So the aim of this post is to give a really basic introduction to how to read and understand the programming code in Iolite – it’s aimed at someone with no experience with programming, so hopefully it will give confidence to those people wanting to start looking at the code behind a DRS.
The first step is to find the programming code for a DRS. To do this, go to the Iolite dropdown menu and select “Edit the active data reduction scheme” (note that you need to have a DRS selected prior to doing this). If you’d like to make changes to a DRS we’d recommend making your own DRS so that you can keep the original – the easiest way to do this is by activating a DRS that you’d like to use as a template, then selecting “Create a new data reduction scheme” from the Iolite dropdown.
Once you’ve selected “Edit the active data reduction scheme” a window should pop up containing the programming code. The first thing you’ll notice is that it’s quite colourful – this is some helpful colour coding to make it easier to identify different types of things in the text.
Red text contains comments, which don’t actually do anything except explain what the code is doing. You’ll notice that all comments are preceded by “//”, this is IgorPro’s way of identifying comments in the text, so if you put “//” anywhere on a line then everything to the right of it will be ignored by IgorPro. This is of course really useful for anyone wanting to explain what lines or sections of code do. Obviously good commenting is therefore fundamental to making code that someone else can easily read and understand.
Blue text can be thought of as defining concrete things, like functions, strings, variables and waves.
Green text indicates something that will be printed, either in the history window, a popup window or on a graph. Green text is always bounded by quotation marks.
Black text is normal text, so if you write a simple equation or refer to things (e.g., a variable) that already exist then these will be black.
There are some other colours (e.g. the purple at the top of the window), but the main colours are those listed above
Another visual aid is indentation, which is a way of denoting increasingly local code. So a first level of indentation may be for all text within a function, then a further level within that may be for a loop that runs within the function, and maybe even a 3rd level of indentation (for example if there’s an “if” statement within the loop).
Igor Pro has fantastic help for programming, and instead of attempting to describe things like loops and “if” statements I’d recommend using the built-in help. To do this is really simple, just right click on anything you’d like to know more about and select “Help for …..”. This right-click menu also has some other great features, like the ability to insert a template for a function, which makes it much easier to use the correct syntax.
Having said that, here’s a very quick summary of the main objects you’ll want to use:
String = stores text
Variable = stores a number
Wave = stores a list of numbers (or text). Waves can be thought of as a single column in a table, or a line graph. Things can get pretty complicated once waves are involved, but we’ve done our best to keep things simple in the DRS code, and in most cases you can operate with a wave in a very similar fashion to a variable.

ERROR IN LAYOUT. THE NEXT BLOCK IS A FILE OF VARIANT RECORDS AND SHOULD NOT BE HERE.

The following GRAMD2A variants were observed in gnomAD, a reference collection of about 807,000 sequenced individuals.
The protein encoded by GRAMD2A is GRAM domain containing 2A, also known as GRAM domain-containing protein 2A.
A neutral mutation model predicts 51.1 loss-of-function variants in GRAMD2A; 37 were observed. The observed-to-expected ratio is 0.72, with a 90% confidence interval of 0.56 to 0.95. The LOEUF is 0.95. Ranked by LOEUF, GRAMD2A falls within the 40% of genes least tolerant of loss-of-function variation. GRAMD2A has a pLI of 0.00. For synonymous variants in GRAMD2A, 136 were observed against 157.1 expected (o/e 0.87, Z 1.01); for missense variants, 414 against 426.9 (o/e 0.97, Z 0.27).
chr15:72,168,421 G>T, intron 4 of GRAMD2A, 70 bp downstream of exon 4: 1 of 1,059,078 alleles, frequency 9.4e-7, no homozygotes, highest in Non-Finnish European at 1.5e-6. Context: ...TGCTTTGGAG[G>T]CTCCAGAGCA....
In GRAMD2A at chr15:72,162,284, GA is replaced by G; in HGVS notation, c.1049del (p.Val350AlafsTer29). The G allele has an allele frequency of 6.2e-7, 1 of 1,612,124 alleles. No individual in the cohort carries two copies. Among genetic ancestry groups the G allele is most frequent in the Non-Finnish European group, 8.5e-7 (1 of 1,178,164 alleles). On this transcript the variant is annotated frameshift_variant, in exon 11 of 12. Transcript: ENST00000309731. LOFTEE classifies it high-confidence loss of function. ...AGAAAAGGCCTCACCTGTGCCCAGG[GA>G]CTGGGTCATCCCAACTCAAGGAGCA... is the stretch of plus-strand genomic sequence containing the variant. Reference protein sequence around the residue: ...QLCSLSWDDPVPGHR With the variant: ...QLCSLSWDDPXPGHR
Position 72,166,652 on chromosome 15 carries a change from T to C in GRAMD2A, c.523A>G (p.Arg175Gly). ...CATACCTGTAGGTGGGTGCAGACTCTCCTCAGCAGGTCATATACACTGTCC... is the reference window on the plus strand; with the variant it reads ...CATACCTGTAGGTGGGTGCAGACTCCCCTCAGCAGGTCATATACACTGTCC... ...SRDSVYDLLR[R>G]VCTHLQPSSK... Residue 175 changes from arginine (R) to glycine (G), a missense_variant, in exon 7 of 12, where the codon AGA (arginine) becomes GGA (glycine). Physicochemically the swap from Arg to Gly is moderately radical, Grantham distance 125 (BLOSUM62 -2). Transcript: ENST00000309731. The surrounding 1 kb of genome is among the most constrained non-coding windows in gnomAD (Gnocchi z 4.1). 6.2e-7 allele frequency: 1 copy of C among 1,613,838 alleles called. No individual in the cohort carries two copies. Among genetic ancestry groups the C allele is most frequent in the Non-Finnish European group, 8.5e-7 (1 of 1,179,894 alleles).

It’s also important to think about the order that things are laid out. When Igor Pro executes the code it runs down the code one line at a time, so things have to be laid out vertically in the order that you want them to happen (although this simple flow may look more complicated once things like loops are involved). For a given line equations are read using normal mathematical hierarchy, regardless of the order things are laid out in, so brackets will be multiplication before addition, etc.
Some programming languages are case sensitive, so a variable called “Bob” would be different to another called “bob”, but Igor Pro isn’t like that. You can vary between upper and lower case in the code and it generally won’t make any difference. Similarly, the code isn’t sensitive to spaces or blank lines, so both “X = 2 + 5” and “X= 2+5” will give the same answer (an exception to both of these things is green text – it’s sensitive to both capitals and spaces).
Finally, it’s handy to know that things need to be defined prior to using them. For example, if you want to store a number you can do this in a “variable”, but you’ll need to let Igor Pro know that you’d like to make a variable and what name it should have.
In a similar way, instead of creating something, you could just make a connection to something that already exists. For example, if you want to perform calculations on a wave that already exists you would need to give it a label in the function, in combination with telling Igor Pro where it’s located (there’s an Iolite function called “IoliteDFPath” for making the location part easy).
So, hopefully the above basic bits and pieces will help a few more people venture into the DRS code, even if it’s just to have a look around. And of course there is a huge amount of detail not covered here, so if you have any questions, whether very basic or more advanced, feel free to ask us on the forum and we’ll do our best to help.